Outgoing Madison superintendent Geoffrey Thomas reflects on 37-year career
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REXBURG — To those who know Madison School District 321 Superintendent Dr. Geoffrey Thomas, it’s clear that the pursuit of education, both to himself and others, is very important.
After decades of teaching, himself being taught, and overseeing the teaching of others, the longtime administrator plans to retire and turn over the leadership of Rexburg’s school district to someone new.
To Thomas, education was about giving students the chance to grow, learn, and develop in their own way.
“Most times, if you open the door, people will walk through,” he said. “So we just need to make sure and provide as many services and classes and opportunities.”
Thomas began his 37-year career in schooling in Price, Utah as a teacher. He received a master’s degree from Utah State Universtiy in political science before teaching in Brigham City, Utah, and getting a second master’s degree in K-12 Education.
Afterward, Thomas moved to the Gem State, a place that would be his home for the next 30 years. His first Idaho job was as the assistant principal at Taylorview Junior High School in Idaho Falls during its first year. Four years later, he accepted the assistant principal position at Bonneville High School in Bonneville Joint School District 93 while also working on his K-12 education doctorate degree. Thomas then became the assistant superintendent of the Bonneville School District before taking the position of superintendent of Madison School District 321, a job he would have for the next 20 years before announcing retirement.
His time in education won’t end in Madison though. Thomas has also accepted a position as an assistant professor in the College of Education at Idaho State University, working with graduate students seeking to become principals and superintendents.
Throughout his career, Thomas loved working with, teaching, and helping students. He came to realize that through administration, he could affect a larger number of students’ lives.
“I was only able to reach x amount of students (as a teacher),” he told EastIdahoNews.com, “I thought, I can do something on a larger scale to positively impact more students.”
Each one of the nearly 5,400 students in Madison is different, and Thomas said he loves that their district has a place for everyone.
“That’s the beauty of public education,” he said. “Our doors are open to every child.”
In his career, Thomas attended as many concerts, plays, sporting events or vocational events as was possible. His theme throughout his career was to provide “A World of Opportunity” for his students, and he loved watching them take advantage of it.
“I want students involved in the arts. I want them involved in vocational programs. I want them involved in athletics. I just want kids involved,” Thomas said. “And when students are involved in something, generally the academics improve.”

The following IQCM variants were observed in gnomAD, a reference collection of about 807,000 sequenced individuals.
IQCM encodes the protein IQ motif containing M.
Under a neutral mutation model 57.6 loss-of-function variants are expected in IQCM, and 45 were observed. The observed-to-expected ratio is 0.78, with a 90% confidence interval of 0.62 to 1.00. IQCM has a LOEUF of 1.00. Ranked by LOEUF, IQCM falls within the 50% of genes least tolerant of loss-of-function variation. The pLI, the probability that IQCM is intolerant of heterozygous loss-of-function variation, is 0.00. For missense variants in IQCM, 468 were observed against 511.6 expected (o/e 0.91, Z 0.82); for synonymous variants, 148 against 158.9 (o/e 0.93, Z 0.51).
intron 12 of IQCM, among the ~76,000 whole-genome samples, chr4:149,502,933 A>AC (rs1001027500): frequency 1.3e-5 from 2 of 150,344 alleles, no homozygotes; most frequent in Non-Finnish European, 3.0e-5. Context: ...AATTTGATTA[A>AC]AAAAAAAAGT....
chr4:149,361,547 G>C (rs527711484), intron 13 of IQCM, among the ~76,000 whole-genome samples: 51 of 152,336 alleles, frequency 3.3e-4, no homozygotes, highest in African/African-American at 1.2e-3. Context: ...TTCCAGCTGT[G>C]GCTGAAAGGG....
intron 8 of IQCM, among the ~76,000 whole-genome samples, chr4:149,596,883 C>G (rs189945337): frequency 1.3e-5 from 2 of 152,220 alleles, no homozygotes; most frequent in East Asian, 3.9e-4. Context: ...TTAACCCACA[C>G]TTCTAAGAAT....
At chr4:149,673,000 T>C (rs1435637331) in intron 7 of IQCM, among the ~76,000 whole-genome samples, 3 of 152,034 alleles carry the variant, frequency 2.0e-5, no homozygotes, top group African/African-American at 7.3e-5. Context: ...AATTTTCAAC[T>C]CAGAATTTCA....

It’s the memories that Thomas will keep with him for a long time. Whether it was hosting a graduation ceremony in the rain, breaking ground on a new Madison High School and especially seeing struggling students graduate, Thomas has loved the moments in his career that connected him with the students.
He held his position through the building of the current Madison High School, South Fork Elementary, Burton Elementary, Madison Academy (an alternative middle school) and Madison Online.
While others may refer to him as “Doctor” or “Superintendent,” many of his students have chosen to call him more personal titles like “Doughnut Dude.”
Some of Thomas’ favorite days were when he could go meet students in the elementary classes and ask their permission to return with doughnuts. Responses were typically positive.
“I’ve done it to dozens and dozens of classes over the years,” he said. “I always believe in world peace through baked goods.”
Since he has been able to work in the district for two decades, Thomas has seen many students go from kindergarten to graduation. Even in their high school days, many of these students still know Thomas as the Doughnut Dude.
One of the most important lessons of Thomas’ career was to always put people first.
“If you do what’s right for students and you try to do what’s right for staff, good things are going to happen,” he said.
In 2007, the Great Recession forced legislation to cut the budget of the district by 18% overnight without warning. However, this time of trial ended up being one of Thomas’ proudest accomplishments. He and his team were able to address the situation and not lay off a single employee. That was the same year that their students were able to win the state basketball championship, the state academic championship and the sportsmanship award.
Through the bittersweet feelings of leaving the district, Thomas’s legacy will continue to stand for a long time, as every administrator in the district was hired by him. He has full confidence in them because he always had the mindset of not micromanaging them but letting them bring their own expertise to the table.
“I’m not going to tell you everything that you need to do, or I don’t need you. I’ll fire you and just do your job and take the money,” he said he told them.
This includes Randy Lords, who will take over the mantle of superintendent in August. Thomas hired Lords as an assistant principal, then principal, and most recently, Lords has worked alongside Thomas as assistant superintendent for six years.
“He’s going to be great,” Thomas said. “I’ve had people say, ‘Will he do things differently than you?’ and I say, ‘I hope so!’
Thomas’ advice to his students is to always embrace the challenge in their life and grow through adversity. He stressed the importance of reading because “leaders are readers.”
“It has been a wonderful experience, and I’ve really cherished every day,” he said.